Cooking is infinitely rewarding, especially if it’s tasty, but when you’ve got a bad back, kitchen design plays a huge role in how much we’re able to enjoy it, and for how long.
Back pain is something that afflicts most of us at some point in our lives. 80% of all adults are expected to deal with it. It’s a major cause of sick time and lost income.
While a lot of issues are a factor in why and how we end up getting back injuries, at least some of the problem results in how poorly we treat our backs through the way we live our day-to-day, how we sit, furniture choices, and more. This is super-duper true in the kitchen, where lots of people don’t realize how much they can adjust things.
Kitchen design affects back health
If you think your kitchen doesn’t affect your back, think again. From counter height to shelf positioning, how often we bend and stretch, and all the repetitive motion, there’s so much we have to reconsider in the kitchen, especially since we’re in there two or three times a day, at least.
In June, I got to meet the previous tenants for my apartment, so I know both of them were around my height, and I know the fella was a former pro cook who had a bad back, so I was really surprised to see the cupboards once I moved in.
Why? Because the shelves were poorly planned.
Now, in renting apartments, we’re sort of stuck with what we get, but there’s a lot we can improve and customize for ourselves. Even when you’re buying, if your funds don’t allow you to gut the kitchen, then you get what you get, right? I think a lot of us go into our new kitchens sort of resigned to working with what we have, almost like coloring between the lines.
But kitchen shelves are usually adjustable. Mine are. They have the little plastic peg-wedge thingies under them. Pop those bad boys out and move them where you want to have ‘em.
So what was the big problem here? The top shelves were up high and the middle shelves were down low. This is wrong-minded for anyone with a back problem — which, statistically speaking, eventually means all of us. Shelf positioning might be the number one thing you can do to improve your kitchen without spending a dime.
I would recommend everyone, period, to lower-height shelves at the bottom of the cupboards, then always put your tallest shelf at the top. The taller the top shelf, the lower it begins, right? So, you reach less.
I have three shelves total for my cupboards. My two bottom shelves are about 8” high, and the top is 11.5” high. Before, the last tenants had the middle and top shelves reversed, making the the top shelf 8” high.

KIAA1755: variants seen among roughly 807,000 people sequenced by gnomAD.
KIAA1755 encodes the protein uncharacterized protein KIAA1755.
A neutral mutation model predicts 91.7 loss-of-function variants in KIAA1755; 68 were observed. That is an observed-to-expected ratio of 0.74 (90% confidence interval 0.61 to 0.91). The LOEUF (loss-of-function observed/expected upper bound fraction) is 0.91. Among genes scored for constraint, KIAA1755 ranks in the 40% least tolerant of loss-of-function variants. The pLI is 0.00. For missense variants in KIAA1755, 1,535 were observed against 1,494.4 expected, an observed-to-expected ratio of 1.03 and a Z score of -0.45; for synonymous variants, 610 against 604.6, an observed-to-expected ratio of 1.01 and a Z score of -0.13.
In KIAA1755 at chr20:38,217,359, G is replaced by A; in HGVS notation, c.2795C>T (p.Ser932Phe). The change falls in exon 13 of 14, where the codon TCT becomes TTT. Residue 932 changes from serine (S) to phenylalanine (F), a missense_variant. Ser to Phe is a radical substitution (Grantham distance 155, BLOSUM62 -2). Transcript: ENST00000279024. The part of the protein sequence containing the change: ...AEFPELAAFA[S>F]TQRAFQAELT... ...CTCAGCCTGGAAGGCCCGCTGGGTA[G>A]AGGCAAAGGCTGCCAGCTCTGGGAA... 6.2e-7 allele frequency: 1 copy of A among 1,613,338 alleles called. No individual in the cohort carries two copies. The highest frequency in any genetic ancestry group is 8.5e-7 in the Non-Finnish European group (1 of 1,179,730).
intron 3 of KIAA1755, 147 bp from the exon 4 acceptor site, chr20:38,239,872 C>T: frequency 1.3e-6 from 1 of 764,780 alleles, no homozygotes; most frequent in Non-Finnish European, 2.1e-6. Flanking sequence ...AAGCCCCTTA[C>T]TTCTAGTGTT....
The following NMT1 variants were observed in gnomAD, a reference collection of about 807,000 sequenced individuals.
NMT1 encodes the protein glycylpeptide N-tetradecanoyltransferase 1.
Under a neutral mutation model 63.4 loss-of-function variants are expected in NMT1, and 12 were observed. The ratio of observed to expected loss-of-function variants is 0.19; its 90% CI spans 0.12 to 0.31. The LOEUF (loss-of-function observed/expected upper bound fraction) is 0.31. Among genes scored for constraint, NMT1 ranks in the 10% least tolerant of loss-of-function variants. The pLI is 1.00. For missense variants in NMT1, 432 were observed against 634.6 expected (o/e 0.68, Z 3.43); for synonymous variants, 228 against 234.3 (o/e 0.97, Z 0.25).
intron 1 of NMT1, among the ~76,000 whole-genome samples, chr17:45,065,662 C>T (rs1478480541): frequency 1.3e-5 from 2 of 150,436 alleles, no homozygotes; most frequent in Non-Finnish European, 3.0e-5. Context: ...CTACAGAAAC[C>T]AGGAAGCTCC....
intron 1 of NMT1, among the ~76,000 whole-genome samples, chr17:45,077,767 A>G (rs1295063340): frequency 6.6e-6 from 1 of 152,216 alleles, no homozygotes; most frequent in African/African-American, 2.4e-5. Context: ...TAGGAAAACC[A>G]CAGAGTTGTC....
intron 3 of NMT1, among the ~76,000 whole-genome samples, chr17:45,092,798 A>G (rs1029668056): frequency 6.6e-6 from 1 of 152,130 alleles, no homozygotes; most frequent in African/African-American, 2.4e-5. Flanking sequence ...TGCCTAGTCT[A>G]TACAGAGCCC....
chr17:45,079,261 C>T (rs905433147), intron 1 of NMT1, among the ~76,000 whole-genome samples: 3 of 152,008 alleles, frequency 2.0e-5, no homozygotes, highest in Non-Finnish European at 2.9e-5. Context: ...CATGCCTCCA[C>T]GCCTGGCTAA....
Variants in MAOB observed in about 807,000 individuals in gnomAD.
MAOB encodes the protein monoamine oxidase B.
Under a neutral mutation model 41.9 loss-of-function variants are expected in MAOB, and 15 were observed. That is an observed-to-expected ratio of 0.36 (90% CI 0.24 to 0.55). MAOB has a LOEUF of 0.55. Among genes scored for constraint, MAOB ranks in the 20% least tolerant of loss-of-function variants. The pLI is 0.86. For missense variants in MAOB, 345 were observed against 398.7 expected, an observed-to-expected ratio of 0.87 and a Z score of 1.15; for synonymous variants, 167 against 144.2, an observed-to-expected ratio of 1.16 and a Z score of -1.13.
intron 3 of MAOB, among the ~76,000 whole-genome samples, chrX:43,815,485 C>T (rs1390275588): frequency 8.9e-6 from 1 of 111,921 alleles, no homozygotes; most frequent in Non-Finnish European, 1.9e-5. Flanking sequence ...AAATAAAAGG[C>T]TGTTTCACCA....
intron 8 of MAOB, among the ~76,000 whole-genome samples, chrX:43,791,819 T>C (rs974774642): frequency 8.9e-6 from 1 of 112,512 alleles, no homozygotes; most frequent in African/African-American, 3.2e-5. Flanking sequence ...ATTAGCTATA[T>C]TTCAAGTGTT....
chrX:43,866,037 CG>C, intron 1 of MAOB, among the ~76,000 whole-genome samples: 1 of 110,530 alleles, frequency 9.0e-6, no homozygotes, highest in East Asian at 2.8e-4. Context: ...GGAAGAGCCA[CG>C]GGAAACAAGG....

It doesn’t sound like a big deal, but that’s a 3.5” higher reach you have to make when you’re getting something off the top shelf. Not fun for people with upper-back injuries.
How low can you go? (Not very.)
Bending’s the big issue in my world, so it meant rethinking my limited cupboards down below. Instead of using the big bottom corner cupboard for pantry items, since I’d have to get down and dig through to reach stuff, I decided to put all my large bowls and casseroles in there (and lesser-used in my china cabinet across the kitchen). The pots and pans I decided to hang on the wall, so I wouldn’t have to bend or strain to reach them. Then, the big drawers normally used for cooking pots and casseroles, was delegated for my pantry items.
I find this role-switching thing in the cupboards has really made some of the basics in cooking a lot easier for me on those days when my back is being persnickety. Grab a pot off its wall-hook, no bending required. Open a knee-high drawer for the polenta, great.
It all comes down to understanding that you’re not stuck with your kitchen — you’re just not imagining its fullest potential.
Climbing the walls: A good thing
For true ergonomics, think beyond your kitchen cupboards.
Get wall-mounted rail systems to hang oft-used utensils off with S-hooks, or consider the Julia Child pegboard. Install wall-mounted open-air shelves for additional storage. Embrace the mighty wall hook. When it comes to the shelves and wall hooks, check the packaging for a maximum weight. It makes a big difference sometimes.
Make your things easy to reach for. Don’t pile your cupboards deep with things that make you have to bend, stretch, and twist to reach. Those are tough on muscles for those of us who have to be careful.
Give up on the dream of having clear counters and a perfect magazine kitchen. When you work with injuries, make it a practical kitchen where everything is accessible, visible, and easy to grab or put back.
If you have to put things into lower cupboards or shelves, consider sticking them in removable trays or boxes, so you don’t have to stay bent for a long period, searching, but instead can remove the applicable box/tray, look through it while standing at the counter, and put it back.
All these little adaptations make a big difference in the long-term, especially when you have a flare-up.
Don’t look at your kitchen for what it is, look at it for how you can make it better, how you can truly make it yours, because it has a lot more potential than you might think.